Now another logical move in this book: these rulings that were valuable for judges and kings to provide wisdom for social order are then incorporated into the OT as a covenant and the rulings in a covenant become, not legislation, but covenant stipulations. As such, they provide order for covenant people on how to live as covenant people to bring good reputation (glory) to God. They are thus not legislation. (Why not both?)
The Hebrew terms — like mishpatim etc — are terms reflecting aspective judgments, not comprehensive codification, which is the mark of legislation.
Torah presents the way of wisdom and life (Deut 30) in the ordered world of the covenant. We can therefore see that the issues that Scripture addresses have to do with wisdom and covenant fidelity, not with legislation and its rules that must be obeyed.
Consequently, we will propose that Torah in biblical usage is an expression of wisdom, not of legislation. It refers to a collection of examples that combine to form a description of the desired established order. We will be using the term to refer to the corpus of legal sayings found throughout the Pentateuch and will seek to demonstrate that these sayings embody standards of wisdom for the ordering of society within the covenant relationship that Yahweh had with Israel.
6: The Israelite Covenant Effectively Functions as an Ancient Near Eastern Suzerainty Treaty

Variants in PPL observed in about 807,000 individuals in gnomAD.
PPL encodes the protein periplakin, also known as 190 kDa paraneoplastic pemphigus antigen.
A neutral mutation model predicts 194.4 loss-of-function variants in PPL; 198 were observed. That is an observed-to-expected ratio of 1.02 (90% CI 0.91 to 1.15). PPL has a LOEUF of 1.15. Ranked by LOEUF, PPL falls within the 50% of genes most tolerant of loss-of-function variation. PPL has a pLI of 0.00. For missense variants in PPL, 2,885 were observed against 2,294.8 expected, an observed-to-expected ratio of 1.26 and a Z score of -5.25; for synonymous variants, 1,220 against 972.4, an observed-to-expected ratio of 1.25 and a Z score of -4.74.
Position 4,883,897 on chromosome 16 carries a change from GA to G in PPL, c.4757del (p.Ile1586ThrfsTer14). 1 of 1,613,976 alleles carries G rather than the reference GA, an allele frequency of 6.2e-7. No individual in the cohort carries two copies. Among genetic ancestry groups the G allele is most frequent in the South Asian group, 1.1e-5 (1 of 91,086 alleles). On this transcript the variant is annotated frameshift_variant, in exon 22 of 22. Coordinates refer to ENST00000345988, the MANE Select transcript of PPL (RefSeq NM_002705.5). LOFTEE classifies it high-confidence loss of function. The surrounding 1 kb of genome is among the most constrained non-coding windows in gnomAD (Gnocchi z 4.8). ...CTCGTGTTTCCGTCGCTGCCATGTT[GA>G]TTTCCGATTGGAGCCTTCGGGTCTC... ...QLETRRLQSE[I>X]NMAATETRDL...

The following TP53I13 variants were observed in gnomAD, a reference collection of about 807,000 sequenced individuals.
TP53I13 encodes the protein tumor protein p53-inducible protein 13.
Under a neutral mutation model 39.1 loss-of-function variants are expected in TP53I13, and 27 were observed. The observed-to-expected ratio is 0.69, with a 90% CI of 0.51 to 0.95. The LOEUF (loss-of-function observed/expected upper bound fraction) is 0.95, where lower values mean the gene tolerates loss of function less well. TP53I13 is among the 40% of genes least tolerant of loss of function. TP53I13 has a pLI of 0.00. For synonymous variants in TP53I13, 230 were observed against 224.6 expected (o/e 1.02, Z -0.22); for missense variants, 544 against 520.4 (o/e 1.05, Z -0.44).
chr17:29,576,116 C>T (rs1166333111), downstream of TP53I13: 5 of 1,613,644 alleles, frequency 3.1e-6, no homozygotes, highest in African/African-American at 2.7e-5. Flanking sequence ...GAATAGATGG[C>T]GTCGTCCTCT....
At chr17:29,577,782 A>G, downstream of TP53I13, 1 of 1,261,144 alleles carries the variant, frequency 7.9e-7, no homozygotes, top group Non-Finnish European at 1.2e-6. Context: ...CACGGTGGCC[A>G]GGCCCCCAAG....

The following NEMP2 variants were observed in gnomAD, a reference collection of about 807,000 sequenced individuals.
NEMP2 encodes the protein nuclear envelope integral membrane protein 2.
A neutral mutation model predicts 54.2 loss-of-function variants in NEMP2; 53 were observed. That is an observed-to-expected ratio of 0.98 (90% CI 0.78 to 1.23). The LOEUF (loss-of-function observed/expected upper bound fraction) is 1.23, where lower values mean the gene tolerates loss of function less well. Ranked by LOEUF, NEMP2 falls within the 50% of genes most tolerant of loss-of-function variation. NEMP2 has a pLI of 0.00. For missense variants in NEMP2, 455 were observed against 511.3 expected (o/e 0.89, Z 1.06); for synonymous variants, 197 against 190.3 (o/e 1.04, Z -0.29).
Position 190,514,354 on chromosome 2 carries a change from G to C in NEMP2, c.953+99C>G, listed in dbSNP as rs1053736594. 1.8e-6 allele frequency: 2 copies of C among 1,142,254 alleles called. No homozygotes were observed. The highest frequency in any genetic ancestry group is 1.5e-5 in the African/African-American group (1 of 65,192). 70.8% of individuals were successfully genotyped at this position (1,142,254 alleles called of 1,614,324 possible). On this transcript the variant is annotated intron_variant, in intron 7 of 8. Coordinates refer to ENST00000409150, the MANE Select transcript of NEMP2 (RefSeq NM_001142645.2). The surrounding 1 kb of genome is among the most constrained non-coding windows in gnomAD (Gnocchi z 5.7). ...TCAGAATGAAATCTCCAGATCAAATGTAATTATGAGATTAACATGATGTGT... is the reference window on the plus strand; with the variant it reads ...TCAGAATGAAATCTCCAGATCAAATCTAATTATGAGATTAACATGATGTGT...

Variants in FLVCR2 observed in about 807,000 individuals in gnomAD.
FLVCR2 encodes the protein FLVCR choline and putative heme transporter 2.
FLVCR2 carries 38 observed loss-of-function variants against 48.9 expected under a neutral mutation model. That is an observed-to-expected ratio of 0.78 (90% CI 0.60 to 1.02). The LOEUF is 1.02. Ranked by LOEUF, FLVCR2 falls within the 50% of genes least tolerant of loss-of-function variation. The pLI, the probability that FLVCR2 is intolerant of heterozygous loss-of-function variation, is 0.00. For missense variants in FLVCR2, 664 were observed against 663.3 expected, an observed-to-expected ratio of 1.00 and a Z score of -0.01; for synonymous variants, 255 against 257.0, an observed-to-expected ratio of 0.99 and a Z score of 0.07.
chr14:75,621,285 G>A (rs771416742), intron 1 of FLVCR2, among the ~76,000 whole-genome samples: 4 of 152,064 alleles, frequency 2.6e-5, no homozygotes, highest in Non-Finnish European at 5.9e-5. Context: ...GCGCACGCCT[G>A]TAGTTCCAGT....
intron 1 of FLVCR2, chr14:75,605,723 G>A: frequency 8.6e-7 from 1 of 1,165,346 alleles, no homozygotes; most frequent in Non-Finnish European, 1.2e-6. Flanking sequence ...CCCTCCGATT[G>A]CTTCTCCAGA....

Drawing out what has already been said, and important for the case W&W build, is that the “laws” of the Torah are embedded in a covenant, one that is very much on the order of a suzerainty treaty. To use their terms, “ANE treaty stipulations are aspective, not comprehensive, and their intention is instruction, not legislation.” Again, this rhetoric gets too close to dichotomous thinking. The aim is loyalty not legal obedience, and the overall aim is to enhance the reputation of the suzerain (God). “The kings of the ancient world did not impose law; they gave wisdom as they forged their identity.”
Both legal wisdom texts and treaties serve to establish or enhance the reputation of the king who produced them. In the case of the legal wisdom, the text establishes wisdom and justice and thereby serves to demonstrate that the king is wise and just. In the case of treaties, the document establishes the parameters of a relationship that will demon the treatment of his vassals.
liis in turn indicates that when we turn to apply the message of Israels covenant documents to ourselves, we should think in terms of trying to understand the reputation that Yahweh intended to establish for himself. We should not think in terms of something that Yahweh wants to give to us (law) or something that he expects to receive from us (moral performance).
7: Holiness Is a Status, Not an Objective
Holiness is something about God — about God-ness. It is not something humans achieve but a status God gives. Rhetoric again: “Holiness does not describe a property of Israel; it describes a property of Yahweh.”